What happened was shocking!  Most of the youth clammed up and lost that electric, God-powered boldness.  Again, I found myself trying to figure out “what gives?”  Was it easier to pray for people in a church?  Maybe there is a potential of less rejection if there is an announced “prayer time” in a church meeting.  Who am I kidding?  Of course there is less rejection!  So, was that it?  Were my student afraid of rejection?  Were they embarrassed by Jesus?

 

High Fives

In hopes of sniffing out the issue, I announced a game.  The object was to get as many high fives from perfect strangers as any student could.  This took Jesus out of the equation–now it was just an experiment on boldness and rejection.  What I found out was amazing!  The students that were least likely to pray for a stranger were also the ones that would not play the game.  Very encouraging!  I took that as a result of rejection issues and not necessarily a lack of love for Christ!

Fear of rejection is powerful and, if we let it, could imprison us for life!  Rejection can render us useless, not only in the Kingdom, but in all aspects of life.  When we base our identity on what others think, our parents’ approval, our peers’ approval, our students’ approval, our youth pastors’ approval… you name it… we feel pointless, discouraged, and destined for the trash heap.  We are enslaved to the fear of rejection.  Likewise, a hammer would definitely feel useless in the cooking process–but a hammer is not useless!  In fact, a hammer is very useful!  A hammer only becomes useless when it looks for its purpose from a chef rather than a construction worker.  Until the hammer finds its identity and purpose in the context it was made for, it’s going to feel unsatisfied, pointless, insufficient… you get where I’m going with this.

I did a Google search on “the antonym of fear” and these are some of the words that popped up:

faith – joy – trust – love – confidence – ease – bravery – courage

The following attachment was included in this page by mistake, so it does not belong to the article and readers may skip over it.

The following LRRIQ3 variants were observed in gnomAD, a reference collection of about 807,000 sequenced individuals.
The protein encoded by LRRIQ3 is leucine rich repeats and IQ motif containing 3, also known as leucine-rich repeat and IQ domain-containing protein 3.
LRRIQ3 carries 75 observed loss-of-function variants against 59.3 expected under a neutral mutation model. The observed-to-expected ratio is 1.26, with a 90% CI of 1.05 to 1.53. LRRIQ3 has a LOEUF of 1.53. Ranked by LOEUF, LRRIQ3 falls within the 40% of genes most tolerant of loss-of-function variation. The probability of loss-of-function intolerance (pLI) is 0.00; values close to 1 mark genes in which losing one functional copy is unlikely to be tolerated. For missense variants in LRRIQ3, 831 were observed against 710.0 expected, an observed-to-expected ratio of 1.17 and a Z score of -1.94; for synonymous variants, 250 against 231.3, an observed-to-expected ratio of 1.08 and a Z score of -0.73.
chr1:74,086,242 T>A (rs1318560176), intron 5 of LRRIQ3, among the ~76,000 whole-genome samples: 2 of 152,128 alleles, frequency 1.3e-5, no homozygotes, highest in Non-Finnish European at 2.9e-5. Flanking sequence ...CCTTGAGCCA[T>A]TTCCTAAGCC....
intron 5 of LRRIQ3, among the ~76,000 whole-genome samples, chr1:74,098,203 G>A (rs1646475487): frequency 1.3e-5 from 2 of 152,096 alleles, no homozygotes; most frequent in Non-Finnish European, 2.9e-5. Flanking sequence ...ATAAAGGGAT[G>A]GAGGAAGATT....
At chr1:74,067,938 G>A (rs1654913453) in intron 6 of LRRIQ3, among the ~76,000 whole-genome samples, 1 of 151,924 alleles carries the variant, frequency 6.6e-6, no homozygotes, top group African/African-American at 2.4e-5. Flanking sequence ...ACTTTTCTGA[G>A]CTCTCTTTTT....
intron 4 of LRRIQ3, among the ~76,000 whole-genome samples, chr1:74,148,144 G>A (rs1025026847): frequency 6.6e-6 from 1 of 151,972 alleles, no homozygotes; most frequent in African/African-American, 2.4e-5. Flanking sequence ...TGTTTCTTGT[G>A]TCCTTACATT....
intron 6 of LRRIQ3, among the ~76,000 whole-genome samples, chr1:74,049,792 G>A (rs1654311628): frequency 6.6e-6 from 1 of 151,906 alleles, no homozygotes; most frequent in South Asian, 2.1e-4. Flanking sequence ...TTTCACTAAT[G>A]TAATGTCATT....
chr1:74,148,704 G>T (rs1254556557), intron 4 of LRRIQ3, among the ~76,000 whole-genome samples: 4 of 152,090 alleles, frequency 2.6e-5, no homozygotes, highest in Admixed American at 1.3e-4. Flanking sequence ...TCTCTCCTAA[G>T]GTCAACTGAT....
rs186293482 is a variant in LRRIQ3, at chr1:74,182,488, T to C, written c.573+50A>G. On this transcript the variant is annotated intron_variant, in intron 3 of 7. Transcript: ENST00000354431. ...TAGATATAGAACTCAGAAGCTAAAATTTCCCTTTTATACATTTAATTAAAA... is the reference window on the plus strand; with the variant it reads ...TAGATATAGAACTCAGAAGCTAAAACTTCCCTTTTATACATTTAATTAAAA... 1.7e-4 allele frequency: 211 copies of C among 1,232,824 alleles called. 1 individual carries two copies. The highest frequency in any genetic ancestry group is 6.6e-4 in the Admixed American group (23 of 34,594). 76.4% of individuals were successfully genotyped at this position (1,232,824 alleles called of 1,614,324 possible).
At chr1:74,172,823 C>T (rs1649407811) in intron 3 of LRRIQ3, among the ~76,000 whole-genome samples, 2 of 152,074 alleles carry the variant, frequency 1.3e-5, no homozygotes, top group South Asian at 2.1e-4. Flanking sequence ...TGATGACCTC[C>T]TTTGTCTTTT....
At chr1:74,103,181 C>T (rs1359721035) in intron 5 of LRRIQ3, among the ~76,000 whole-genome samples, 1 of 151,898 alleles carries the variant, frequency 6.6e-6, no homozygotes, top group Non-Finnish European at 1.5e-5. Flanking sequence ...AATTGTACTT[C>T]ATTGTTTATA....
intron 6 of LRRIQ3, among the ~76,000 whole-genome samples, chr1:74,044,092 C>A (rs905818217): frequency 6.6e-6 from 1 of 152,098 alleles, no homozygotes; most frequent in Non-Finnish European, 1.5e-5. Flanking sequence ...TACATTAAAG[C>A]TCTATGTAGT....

Remember how it says in 1 John 4:18 that “perfect love drives out fear”?

As we look for identity in the context we were made for–in Jesus’ perfect love–he will give us a new identity.  An identity that is not dependent on others.  An identity that gives us an unshakable faith, joy, trust, love, confidence, ease, bravery, courage.  An identity that is ultimately secure because it is rooted in what HE did by coming to earth as a man and dying as the perfect payment for our wretched, unthinkable sin, only to rise again so that we too could be raised from our own death in which we were hopelessly lost.  Now that is something to be secure in.  Proverbs says, “the righteous are as bold as lions.”  A life empowered by the Spirit because we are rooted in the truth changes our focus to the true identity we have in Jesus.

There is no valid “7 Step Process to Overcoming Your Insecurities and Realizing Your Identity in Christ”; it takes a move of God for us to come to grips with his truth about us (Philippians 2:13).  As we open our hearts to who he is and what he’s done for us more and more, let us be ever mindful of the importance of this kind of mature identity in those we are discipling.

Personally, I love the verse that describes God’s people as being bold lions.  It is thrilling and exciting!  That verse has inspired me to write a poem / spoken word (I’m not sure what to call it yet).  One thing I do know is that when I read it out loud, the words come alive and really sit my heart.  Enjoy and Godspeed!

“The righteous are as bold as a lion” – Proverbs 28:1, expanded by Willie Herath
.
I struggle with being bold.
Sometimes I feel more defined by sold…
Sold a lie…
Sold down the river…
Sold into slavery…
Bound by chains…
Chains that keep me imprisoned to fear…
Chains of doubt…
Chained to second guessing…
.
But if I’m a follower of Christ…
A wild shoot grafted into the vine…
The Bible says I am righteous…
And if the Scriptures are true… then I too…
Am BOLD.
.
Jesus said, “Birds have nests and foxes have holes, but I have no place to lay his head.”
So, what was said?  He had no bed?
Our King was on the street, but wherever he went and whoever he’d meet…
A bold Spirit he would keep.
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Now, you know and I know that a lion is fierce…
A lion is bold…
Not feeling told or sold…
Living free and “one” with identity.
When defending their home, lions are fearless before danger…
“This is my house!  Who are you, a stranger?”
.
So, if we are to be perfected in Christ…
And live a life… like his…
Maybe, just maybe when it is said he is the King of kings…
The Lion of Judah…
He is bold because he is at Home.
When he said he has no bed to lay his head…
Was he homeless?
Or maybe everywhere he went was home-esque.
.
So, as Christ lives in you and me…
May his righteous love be what “they” see.
Like a lion who’s never been sold or told…
May we be perfectly bold!
.
So, this is my house!  If you love Christ, this is our house!
And for everyone else… join the pride, leave everything aside!
For the righteous are as bold as lions. – Proverbs 28:1